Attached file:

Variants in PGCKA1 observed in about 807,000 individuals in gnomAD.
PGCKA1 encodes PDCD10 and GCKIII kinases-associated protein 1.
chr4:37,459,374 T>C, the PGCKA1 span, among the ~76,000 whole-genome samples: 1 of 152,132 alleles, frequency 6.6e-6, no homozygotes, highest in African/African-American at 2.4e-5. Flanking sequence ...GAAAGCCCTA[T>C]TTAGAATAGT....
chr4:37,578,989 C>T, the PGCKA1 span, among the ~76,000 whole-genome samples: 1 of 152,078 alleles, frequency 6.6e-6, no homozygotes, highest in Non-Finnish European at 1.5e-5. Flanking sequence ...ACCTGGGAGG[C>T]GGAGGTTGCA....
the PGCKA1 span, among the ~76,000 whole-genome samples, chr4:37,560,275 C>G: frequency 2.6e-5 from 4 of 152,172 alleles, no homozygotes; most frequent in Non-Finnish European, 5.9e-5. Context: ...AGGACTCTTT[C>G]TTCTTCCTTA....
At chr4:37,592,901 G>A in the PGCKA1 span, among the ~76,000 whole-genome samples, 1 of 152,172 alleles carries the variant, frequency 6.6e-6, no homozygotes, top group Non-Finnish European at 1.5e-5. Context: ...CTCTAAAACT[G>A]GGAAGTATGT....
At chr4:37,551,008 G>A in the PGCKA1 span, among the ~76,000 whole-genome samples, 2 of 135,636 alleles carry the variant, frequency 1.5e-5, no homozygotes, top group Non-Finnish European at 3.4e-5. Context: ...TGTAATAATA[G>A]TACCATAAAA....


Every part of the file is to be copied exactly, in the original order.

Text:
Variants in PGCKA1 observed in about 807,000 individuals in gnomAD.
PGCKA1 encodes PDCD10 and GCKIII kinases-associated protein 1.
chr4:37,459,374 T>C, the PGCKA1 span, among the ~76,000 whole-genome samples: 1 of 152,132 alleles, frequency 6.6e-6, no homozygotes, highest in African/African-American at 2.4e-5. Flanking sequence ...GAAAGCCCTA[T>C]TTAGAATAGT....
chr4:37,578,989 C>T, the PGCKA1 span, among the ~76,000 whole-genome samples: 1 of 152,078 alleles, frequency 6.6e-6, no homozygotes, highest in Non-Finnish European at 1.5e-5. Flanking sequence ...ACCTGGGAGG[C>T]GGAGGTTGCA....
the PGCKA1 span, among the ~76,000 whole-genome samples, chr4:37,560,275 C>G: frequency 2.6e-5 from 4 of 152,172 alleles, no homozygotes; most frequent in Non-Finnish European, 5.9e-5. Context: ...AGGACTCTTT[C>G]TTCTTCCTTA....
At chr4:37,592,901 G>A in the PGCKA1 span, among the ~76,000 whole-genome samples, 1 of 152,172 alleles carries the variant, frequency 6.6e-6, no homozygotes, top group Non-Finnish European at 1.5e-5. Context: ...CTCTAAAACT[G>A]GGAAGTATGT....
At chr4:37,551,008 G>A in the PGCKA1 span, among the ~76,000 whole-genome samples, 2 of 135,636 alleles carry the variant, frequency 1.5e-5, no homozygotes, top group Non-Finnish European at 3.4e-5. Context: ...TGTAATAATA[G>A]TACCATAAAA....